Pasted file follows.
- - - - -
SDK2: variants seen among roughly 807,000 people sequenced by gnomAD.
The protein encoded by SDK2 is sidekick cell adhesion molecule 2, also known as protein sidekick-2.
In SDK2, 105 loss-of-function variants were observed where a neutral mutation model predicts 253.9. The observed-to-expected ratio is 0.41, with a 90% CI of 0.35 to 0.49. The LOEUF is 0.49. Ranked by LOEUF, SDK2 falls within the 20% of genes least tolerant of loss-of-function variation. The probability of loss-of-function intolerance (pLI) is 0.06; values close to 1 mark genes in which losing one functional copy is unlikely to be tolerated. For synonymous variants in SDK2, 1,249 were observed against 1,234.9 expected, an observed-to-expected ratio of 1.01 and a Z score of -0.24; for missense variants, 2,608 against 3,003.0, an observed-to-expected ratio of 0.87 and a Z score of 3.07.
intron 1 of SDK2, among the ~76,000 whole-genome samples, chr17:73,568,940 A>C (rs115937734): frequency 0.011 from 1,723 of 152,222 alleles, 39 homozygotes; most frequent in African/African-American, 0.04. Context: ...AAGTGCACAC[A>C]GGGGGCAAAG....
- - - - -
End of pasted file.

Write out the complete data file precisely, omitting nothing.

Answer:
SDK2: variants seen among roughly 807,000 people sequenced by gnomAD.
The protein encoded by SDK2 is sidekick cell adhesion molecule 2, also known as protein sidekick-2.
In SDK2, 105 loss-of-function variants were observed where a neutral mutation model predicts 253.9. The observed-to-expected ratio is 0.41, with a 90% CI of 0.35 to 0.49. The LOEUF is 0.49. Ranked by LOEUF, SDK2 falls within the 20% of genes least tolerant of loss-of-function variation. The probability of loss-of-function intolerance (pLI) is 0.06; values close to 1 mark genes in which losing one functional copy is unlikely to be tolerated. For synonymous variants in SDK2, 1,249 were observed against 1,234.9 expected, an observed-to-expected ratio of 1.01 and a Z score of -0.24; for missense variants, 2,608 against 3,003.0, an observed-to-expected ratio of 0.87 and a Z score of 3.07.
intron 1 of SDK2, among the ~76,000 whole-genome samples, chr17:73,568,940 A>C (rs115937734): frequency 0.011 from 1,723 of 152,222 alleles, 39 homozygotes; most frequent in African/African-American, 0.04. Context: ...AAGTGCACAC[A>C]GGGGGCAAAG....